Rock County drought conditions improve from 'severe' to 'moderate'
Click here to watch an animated map of recent drought history across the United States.
JANESVILLE In case you need a silver lining to brighten your Monday morning, here it is:
Snowfall so far in February has been above average. Because of this, drought conditions in south-central Wisconsin this month improved from “severe” to “moderate,” according to U.S. Drought Monitor data.
That change is a ray of hope for farmers who saw big losses last year as a result of the drought conditions, said Jim Stute, UW Extension crops and soils agent in Rock County.
Also in the “seems -like-bad-news-but-really-it’s-good” category are the below-average temperatures for February. If conditions hold, there should be fewer insect pests in Rock County gardens and farm fields this summer, Stute said.
As of Friday, the National Weather Service measured 15.3 inches of snow in southern Rock County in February, meteorologist Ed Townsend said. The average snowfall for February is 6.3 inches, Townsend said.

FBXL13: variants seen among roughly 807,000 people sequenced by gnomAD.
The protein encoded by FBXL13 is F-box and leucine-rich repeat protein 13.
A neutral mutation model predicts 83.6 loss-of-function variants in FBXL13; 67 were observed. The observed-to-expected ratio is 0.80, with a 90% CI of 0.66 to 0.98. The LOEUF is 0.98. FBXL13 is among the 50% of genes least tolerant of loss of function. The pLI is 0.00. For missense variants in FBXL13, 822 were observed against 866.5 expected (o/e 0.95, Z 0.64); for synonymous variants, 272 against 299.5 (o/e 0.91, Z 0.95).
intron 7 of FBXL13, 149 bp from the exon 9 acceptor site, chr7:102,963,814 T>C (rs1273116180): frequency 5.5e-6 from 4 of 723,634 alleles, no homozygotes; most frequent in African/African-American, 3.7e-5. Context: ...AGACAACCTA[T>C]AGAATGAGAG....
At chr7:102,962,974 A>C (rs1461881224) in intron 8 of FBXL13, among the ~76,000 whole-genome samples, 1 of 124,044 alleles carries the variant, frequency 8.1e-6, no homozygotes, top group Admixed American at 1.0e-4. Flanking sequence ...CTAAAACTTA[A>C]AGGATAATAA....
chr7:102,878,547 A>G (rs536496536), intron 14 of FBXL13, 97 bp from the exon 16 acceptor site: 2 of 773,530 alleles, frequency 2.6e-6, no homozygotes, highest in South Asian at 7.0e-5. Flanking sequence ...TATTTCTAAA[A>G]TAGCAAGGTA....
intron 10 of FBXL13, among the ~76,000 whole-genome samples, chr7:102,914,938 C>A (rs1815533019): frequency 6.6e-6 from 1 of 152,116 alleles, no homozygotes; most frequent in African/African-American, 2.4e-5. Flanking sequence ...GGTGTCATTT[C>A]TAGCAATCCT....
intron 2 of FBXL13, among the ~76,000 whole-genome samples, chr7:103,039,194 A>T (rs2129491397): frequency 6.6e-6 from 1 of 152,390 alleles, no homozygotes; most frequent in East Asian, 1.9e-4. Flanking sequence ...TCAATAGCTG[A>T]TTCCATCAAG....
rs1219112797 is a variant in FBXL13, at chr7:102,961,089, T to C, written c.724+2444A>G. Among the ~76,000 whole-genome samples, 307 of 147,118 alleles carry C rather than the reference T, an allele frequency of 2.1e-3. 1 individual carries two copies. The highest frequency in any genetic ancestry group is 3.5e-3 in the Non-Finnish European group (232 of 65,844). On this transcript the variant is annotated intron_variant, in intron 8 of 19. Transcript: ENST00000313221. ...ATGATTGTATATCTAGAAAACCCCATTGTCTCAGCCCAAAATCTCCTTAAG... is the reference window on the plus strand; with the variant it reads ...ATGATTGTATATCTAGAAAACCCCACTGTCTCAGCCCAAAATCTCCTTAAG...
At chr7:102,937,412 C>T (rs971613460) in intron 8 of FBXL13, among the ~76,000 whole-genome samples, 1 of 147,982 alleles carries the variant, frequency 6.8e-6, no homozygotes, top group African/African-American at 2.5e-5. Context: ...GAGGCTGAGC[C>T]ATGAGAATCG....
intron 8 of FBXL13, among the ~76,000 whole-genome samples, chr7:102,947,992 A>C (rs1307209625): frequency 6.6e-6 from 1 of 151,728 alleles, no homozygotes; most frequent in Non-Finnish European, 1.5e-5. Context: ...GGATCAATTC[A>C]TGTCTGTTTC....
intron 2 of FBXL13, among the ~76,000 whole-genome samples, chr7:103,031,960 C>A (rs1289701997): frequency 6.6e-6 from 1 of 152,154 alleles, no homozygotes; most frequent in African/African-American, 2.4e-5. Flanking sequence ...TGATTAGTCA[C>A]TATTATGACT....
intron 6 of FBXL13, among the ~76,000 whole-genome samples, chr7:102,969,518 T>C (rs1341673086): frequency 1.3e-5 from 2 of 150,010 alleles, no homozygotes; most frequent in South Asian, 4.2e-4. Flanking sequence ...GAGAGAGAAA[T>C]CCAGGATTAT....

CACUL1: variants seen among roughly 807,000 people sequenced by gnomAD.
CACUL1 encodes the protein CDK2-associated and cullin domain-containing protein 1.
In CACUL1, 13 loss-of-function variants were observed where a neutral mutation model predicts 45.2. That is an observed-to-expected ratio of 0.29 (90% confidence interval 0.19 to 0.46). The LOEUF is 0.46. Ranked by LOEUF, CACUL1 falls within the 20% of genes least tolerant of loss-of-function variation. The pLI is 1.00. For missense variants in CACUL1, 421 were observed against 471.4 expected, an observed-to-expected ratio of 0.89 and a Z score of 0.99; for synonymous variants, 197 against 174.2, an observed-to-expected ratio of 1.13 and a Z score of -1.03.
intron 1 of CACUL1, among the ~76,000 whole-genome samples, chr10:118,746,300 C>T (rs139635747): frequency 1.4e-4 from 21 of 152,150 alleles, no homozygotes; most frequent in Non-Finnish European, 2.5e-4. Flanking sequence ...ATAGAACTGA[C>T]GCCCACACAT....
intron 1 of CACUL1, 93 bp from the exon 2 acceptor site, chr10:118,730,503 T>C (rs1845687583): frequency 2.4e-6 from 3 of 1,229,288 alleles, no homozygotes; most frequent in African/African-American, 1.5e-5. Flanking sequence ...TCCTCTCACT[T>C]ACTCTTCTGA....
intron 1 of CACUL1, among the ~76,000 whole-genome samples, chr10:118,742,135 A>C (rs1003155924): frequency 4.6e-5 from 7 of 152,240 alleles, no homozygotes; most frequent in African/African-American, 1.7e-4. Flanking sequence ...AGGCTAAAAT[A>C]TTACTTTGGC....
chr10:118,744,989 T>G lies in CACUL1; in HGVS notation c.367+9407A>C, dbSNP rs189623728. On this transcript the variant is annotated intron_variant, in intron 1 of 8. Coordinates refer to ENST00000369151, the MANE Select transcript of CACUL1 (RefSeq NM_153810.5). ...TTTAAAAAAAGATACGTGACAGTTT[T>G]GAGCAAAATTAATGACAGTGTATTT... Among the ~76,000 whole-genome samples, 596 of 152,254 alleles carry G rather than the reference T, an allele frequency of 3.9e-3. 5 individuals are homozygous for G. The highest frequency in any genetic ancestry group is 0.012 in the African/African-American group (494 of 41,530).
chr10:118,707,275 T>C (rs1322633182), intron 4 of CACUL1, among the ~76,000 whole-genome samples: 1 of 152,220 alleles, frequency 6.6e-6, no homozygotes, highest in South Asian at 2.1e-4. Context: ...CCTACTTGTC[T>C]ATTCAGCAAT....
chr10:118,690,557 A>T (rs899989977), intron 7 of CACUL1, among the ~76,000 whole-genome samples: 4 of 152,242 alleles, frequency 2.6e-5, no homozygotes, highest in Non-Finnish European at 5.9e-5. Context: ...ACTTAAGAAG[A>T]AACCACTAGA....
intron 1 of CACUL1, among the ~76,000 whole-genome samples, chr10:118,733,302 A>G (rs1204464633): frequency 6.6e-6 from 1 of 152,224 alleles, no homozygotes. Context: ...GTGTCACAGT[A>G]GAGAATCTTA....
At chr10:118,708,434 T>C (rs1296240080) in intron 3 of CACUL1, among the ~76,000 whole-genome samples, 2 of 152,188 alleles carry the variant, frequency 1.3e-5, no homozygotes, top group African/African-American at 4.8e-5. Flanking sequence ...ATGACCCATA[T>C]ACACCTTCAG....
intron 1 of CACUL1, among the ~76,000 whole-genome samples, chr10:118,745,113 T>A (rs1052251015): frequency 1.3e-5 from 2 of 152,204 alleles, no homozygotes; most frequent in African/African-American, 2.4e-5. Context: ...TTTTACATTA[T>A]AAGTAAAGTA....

“What it does is erases some of the long-term (moisture) deficit,” Stute said.
Rock County soils need about 6 inches of rain in the next few months to meet normal growing conditions, Stute said. The snowfalls won’t add up to that much rainfall, but they are a start, he said.
It’s typical for a drought year to be followed by a dry year, Stute said. That’s a scary thought for many farmers who need a good crop to make up for last year’s losses, he said.
Looking forward into March, the above-average precipitation trend could hold, Townsend said.
“There are enhanced probabilities of above-normal precipitation,” he said.
Forecasters predict a 40 percent chance of above-normal precipitation as opposed to a 33 percent chance of normal precipitation, Townsend said.
In addition to above-average snowfall, daily average temperatures in February have been lower than normal, Townsend said. This year, the average has been 18.7 degrees compared to the typical 24.5 degrees, he said.
Those temperatures will maintain the frost line or even push it deeper, Stute said. Either way, it will mean higher insect mortality compared to last year when temperatures were in the 40s in late February.
The cold has helped maintain a blanket of snow over the ground, Stute said. In that case, the ground will thaw from the bottom up, as it does in a normal year. That reduces runoff in fields and ditches, Stute said.
All the conditions are encouraging at this point, Stute said.
“This is looking like a more normal-type season,” he said.